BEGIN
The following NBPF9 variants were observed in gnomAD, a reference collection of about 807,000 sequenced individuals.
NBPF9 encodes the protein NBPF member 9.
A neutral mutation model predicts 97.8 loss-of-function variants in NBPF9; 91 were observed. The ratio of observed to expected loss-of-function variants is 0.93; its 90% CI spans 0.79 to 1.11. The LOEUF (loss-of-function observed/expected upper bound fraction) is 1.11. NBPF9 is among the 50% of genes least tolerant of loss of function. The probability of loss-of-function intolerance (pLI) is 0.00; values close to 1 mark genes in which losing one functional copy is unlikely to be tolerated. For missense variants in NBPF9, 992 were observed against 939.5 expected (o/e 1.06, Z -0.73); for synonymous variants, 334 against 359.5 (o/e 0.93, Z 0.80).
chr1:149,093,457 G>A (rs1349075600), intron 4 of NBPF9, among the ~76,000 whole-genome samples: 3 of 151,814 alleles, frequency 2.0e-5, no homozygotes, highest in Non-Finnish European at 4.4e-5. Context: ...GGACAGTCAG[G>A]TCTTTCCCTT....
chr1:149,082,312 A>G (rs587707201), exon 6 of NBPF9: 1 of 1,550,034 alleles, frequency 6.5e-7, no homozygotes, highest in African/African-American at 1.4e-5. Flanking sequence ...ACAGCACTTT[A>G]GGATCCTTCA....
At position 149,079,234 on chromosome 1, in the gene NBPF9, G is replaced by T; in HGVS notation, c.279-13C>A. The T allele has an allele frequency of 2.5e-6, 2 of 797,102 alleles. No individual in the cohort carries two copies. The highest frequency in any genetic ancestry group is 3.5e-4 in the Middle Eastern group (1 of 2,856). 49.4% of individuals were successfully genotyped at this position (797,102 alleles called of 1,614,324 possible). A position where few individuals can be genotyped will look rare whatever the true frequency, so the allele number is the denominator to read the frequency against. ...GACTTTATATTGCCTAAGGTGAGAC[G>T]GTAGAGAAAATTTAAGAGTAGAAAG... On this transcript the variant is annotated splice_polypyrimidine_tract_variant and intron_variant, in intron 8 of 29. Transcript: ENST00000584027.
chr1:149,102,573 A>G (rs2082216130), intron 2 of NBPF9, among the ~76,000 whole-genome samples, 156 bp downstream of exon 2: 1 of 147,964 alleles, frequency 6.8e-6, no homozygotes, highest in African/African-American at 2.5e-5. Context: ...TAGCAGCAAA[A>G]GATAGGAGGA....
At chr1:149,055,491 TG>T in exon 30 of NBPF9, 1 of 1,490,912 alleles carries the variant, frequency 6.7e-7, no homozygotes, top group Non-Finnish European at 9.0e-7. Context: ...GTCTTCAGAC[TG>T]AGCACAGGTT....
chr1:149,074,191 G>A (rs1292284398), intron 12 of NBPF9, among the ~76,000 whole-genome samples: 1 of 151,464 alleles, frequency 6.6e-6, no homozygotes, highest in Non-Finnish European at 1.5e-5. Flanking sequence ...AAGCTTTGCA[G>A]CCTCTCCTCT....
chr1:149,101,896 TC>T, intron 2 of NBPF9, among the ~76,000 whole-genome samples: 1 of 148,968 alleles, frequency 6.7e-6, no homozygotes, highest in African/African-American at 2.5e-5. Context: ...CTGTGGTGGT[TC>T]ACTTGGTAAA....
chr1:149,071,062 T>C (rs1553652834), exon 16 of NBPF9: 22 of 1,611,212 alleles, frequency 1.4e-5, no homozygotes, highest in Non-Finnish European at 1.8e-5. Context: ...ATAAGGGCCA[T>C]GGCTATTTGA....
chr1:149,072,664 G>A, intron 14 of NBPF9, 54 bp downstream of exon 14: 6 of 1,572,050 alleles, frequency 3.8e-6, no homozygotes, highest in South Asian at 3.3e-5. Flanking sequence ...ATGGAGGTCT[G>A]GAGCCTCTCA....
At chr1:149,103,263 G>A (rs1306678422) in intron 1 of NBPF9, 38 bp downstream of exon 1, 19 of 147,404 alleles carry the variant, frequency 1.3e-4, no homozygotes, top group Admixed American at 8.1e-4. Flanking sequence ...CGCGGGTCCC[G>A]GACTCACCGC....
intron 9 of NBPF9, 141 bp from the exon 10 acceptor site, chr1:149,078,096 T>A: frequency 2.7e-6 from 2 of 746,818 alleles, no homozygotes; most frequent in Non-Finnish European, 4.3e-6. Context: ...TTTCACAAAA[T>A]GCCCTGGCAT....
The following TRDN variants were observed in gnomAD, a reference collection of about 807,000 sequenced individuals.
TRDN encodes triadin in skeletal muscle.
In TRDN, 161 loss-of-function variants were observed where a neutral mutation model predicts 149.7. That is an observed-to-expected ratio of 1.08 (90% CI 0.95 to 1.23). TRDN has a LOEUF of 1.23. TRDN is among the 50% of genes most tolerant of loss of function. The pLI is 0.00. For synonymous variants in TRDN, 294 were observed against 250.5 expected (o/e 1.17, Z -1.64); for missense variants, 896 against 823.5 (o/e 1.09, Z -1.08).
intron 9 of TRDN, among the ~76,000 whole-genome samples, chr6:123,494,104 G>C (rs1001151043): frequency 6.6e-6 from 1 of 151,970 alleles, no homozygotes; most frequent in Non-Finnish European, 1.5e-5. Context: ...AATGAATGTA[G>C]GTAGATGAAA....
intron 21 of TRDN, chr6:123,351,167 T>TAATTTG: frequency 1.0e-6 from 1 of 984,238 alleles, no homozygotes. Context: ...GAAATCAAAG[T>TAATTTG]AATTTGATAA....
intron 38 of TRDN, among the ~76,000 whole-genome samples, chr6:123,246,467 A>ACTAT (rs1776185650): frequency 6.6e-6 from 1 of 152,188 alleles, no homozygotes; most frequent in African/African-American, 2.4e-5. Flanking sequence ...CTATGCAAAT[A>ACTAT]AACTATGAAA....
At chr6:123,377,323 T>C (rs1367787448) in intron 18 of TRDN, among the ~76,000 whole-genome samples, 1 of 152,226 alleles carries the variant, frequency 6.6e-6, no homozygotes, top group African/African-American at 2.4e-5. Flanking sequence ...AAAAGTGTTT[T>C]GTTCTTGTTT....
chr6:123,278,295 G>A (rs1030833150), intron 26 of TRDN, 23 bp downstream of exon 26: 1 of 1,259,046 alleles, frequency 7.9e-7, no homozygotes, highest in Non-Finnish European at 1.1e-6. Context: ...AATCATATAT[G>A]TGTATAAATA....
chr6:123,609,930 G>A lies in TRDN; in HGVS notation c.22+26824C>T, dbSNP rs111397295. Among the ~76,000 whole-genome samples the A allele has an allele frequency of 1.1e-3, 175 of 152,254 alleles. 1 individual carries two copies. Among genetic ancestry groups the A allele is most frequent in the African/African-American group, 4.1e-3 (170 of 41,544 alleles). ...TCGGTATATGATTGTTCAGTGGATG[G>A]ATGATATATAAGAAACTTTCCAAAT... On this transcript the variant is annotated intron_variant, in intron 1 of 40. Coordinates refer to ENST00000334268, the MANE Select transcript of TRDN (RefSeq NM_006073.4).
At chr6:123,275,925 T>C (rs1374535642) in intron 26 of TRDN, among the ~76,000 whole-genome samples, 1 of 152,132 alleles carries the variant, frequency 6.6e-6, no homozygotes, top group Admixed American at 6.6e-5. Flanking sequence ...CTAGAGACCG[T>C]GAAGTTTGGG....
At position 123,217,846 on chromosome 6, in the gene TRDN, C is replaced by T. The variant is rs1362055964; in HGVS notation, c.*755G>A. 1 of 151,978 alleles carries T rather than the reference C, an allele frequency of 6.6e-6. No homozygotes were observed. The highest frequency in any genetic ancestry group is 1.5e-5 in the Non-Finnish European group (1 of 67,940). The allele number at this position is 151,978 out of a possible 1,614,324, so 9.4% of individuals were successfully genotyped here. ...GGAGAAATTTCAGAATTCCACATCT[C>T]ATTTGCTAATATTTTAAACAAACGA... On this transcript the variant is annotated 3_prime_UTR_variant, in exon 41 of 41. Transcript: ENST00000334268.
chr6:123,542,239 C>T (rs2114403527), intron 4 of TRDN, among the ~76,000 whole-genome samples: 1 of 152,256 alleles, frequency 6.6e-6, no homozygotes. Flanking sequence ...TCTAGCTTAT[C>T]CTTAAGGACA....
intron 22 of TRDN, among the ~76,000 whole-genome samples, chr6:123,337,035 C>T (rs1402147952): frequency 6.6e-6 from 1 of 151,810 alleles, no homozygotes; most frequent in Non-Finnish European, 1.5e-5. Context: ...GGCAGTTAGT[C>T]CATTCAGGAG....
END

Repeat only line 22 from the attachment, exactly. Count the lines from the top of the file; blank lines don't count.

chr6:123,278,295 G>A (rs1030833150), intron 26 of TRDN, 23 bp downstream of exon 26: 1 of 1,259,046 alleles, frequency 7.9e-7, no homozygotes, highest in Non-Finnish European at 1.1e-6. Context: ...AATCATATAT[G>A]TGTATAAATA....